Both type 2 diabetes and hepatitis B have considerably high prevalences in Turkey. The ‘Turkish Diabetes, Hypertension, Obesity and Endocrinological Diseases Prevalence Study-II (TURDEP-II Study)’ revealed that in 2011 the diabetes prevalence has risen to 13.7%.13 Our country is among the moderately endemic regions regarding hepatitis B virus infections. Although there are differences among the regions within the country, the prevalence of hepatitis B superficial antigen positivity is thought to be 4.57% in the general population and approximately 3–3.3 million people are thought to be infected with hepatitis B.14,15 In Turkey, there is neither documented vaccination recommendations specific for diabetic patients nor is hepatitis B vaccine reimbursement for diabetics. Nevertheless, there is a National Immunization Schedule for Adults that was documented in 2009. According to National Immunization Recommendations influenza and pneumococcal vaccines are recommended for all diabetic patients as well as Td vaccine.4 Regarding the recent recommendation of vaccinating all diabetic patients aged 19–60 years against hepatitis B, our literature search did not reveal any study from Turkey to indicate the number of infected diabetic patients and patients who are hepatitis B na€ıve, hence having an indication for hepatitis B vaccination. In this study, we aimed to determine hepatitis B virus serological status of adult diabetic patients seen at the general medical outpatient clinic to determine the rates of diabetic patients who have indications for hepatitis B vaccination.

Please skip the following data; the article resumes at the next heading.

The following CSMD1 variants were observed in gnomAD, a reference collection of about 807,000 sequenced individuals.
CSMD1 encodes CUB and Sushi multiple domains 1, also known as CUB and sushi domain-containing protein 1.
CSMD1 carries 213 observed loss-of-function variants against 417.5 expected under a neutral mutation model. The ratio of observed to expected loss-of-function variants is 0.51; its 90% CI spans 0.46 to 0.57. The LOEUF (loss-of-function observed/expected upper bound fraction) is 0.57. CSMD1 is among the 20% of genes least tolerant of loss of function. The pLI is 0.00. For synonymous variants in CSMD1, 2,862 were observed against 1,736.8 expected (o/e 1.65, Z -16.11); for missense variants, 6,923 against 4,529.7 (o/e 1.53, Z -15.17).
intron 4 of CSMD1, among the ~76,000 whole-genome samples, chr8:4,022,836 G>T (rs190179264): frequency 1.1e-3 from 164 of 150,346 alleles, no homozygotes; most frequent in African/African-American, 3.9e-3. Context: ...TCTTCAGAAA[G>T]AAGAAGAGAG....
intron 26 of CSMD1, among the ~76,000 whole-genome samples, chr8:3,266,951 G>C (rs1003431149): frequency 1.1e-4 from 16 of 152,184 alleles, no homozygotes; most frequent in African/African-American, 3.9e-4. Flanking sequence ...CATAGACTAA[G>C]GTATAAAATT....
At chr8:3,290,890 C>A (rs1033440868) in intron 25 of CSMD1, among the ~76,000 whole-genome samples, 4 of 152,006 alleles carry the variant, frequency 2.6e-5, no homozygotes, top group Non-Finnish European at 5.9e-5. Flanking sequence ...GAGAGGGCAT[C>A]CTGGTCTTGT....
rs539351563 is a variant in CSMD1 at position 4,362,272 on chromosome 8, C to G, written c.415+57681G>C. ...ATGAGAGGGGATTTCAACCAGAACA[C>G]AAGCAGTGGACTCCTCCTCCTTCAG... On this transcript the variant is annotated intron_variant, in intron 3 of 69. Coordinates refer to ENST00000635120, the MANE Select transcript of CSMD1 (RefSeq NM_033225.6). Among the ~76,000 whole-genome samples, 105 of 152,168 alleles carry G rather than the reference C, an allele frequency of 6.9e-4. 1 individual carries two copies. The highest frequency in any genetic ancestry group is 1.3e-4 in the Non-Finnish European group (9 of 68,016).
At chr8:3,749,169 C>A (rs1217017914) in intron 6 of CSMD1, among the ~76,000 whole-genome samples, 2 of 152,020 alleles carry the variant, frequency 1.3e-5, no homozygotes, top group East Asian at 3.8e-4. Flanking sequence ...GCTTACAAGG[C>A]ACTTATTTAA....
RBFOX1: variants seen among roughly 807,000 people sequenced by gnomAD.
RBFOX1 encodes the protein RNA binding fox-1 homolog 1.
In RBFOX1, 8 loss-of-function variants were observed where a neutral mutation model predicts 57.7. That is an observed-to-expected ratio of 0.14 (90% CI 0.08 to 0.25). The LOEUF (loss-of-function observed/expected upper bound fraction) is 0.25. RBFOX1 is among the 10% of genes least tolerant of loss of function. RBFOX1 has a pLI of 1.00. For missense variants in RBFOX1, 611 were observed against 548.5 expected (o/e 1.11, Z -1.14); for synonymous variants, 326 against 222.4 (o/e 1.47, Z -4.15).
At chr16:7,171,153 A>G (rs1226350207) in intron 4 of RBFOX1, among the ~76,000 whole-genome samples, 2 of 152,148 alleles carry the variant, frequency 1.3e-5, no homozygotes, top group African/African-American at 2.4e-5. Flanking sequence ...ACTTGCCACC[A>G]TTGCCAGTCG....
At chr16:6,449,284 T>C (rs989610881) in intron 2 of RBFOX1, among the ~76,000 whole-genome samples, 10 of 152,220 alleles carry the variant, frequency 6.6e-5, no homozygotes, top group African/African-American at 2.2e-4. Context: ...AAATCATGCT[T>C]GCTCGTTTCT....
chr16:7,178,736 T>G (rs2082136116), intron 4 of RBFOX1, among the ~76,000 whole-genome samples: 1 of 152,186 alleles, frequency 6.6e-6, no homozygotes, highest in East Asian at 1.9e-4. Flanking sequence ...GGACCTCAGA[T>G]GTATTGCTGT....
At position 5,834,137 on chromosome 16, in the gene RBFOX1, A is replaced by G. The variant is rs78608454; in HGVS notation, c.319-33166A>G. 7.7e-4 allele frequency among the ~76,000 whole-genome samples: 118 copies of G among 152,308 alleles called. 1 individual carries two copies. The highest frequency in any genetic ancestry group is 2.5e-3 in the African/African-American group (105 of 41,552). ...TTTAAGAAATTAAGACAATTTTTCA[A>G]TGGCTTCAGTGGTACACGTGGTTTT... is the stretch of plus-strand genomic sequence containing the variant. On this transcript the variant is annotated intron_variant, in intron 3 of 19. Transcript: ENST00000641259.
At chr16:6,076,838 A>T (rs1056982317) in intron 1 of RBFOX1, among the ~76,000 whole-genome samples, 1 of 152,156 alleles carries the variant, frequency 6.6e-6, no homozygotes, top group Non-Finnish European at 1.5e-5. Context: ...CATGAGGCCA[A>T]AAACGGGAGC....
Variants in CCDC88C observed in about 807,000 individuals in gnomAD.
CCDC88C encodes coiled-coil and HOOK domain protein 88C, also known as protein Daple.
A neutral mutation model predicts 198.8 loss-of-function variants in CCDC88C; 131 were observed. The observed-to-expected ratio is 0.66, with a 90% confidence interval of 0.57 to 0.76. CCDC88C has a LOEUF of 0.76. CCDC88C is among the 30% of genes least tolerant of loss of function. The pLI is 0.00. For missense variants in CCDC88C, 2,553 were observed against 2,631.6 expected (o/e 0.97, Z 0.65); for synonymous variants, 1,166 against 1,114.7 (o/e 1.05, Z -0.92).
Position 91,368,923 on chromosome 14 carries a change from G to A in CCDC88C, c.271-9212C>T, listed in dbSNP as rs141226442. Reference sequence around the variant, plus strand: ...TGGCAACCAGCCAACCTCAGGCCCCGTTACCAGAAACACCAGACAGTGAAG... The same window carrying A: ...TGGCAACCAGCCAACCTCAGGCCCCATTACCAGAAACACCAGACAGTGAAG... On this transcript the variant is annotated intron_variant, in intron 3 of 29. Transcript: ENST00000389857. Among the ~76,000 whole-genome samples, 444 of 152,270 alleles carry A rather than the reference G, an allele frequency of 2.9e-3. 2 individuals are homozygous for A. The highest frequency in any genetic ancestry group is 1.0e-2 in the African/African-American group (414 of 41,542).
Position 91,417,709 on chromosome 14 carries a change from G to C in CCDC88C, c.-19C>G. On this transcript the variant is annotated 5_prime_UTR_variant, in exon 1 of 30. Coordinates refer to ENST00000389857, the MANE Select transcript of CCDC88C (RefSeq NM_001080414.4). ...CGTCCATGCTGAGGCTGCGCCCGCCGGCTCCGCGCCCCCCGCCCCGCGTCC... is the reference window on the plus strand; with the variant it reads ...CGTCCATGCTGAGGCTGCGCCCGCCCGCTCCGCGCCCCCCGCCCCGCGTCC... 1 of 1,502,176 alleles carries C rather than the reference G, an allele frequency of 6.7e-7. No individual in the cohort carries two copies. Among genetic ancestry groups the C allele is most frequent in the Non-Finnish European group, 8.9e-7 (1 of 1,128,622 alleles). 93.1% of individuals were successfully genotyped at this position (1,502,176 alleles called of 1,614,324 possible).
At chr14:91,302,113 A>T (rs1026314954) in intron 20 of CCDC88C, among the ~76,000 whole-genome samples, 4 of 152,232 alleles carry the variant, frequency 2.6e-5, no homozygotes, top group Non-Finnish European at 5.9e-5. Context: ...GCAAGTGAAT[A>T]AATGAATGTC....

*Correspondence to: Lale Ozisik; Email: [email protected] Submitted: 05/15/2015; Revised: 06/16/2015; Accepted: 07/03/2015 http://dx.doi.org/10.1080/21645515.2015.1070999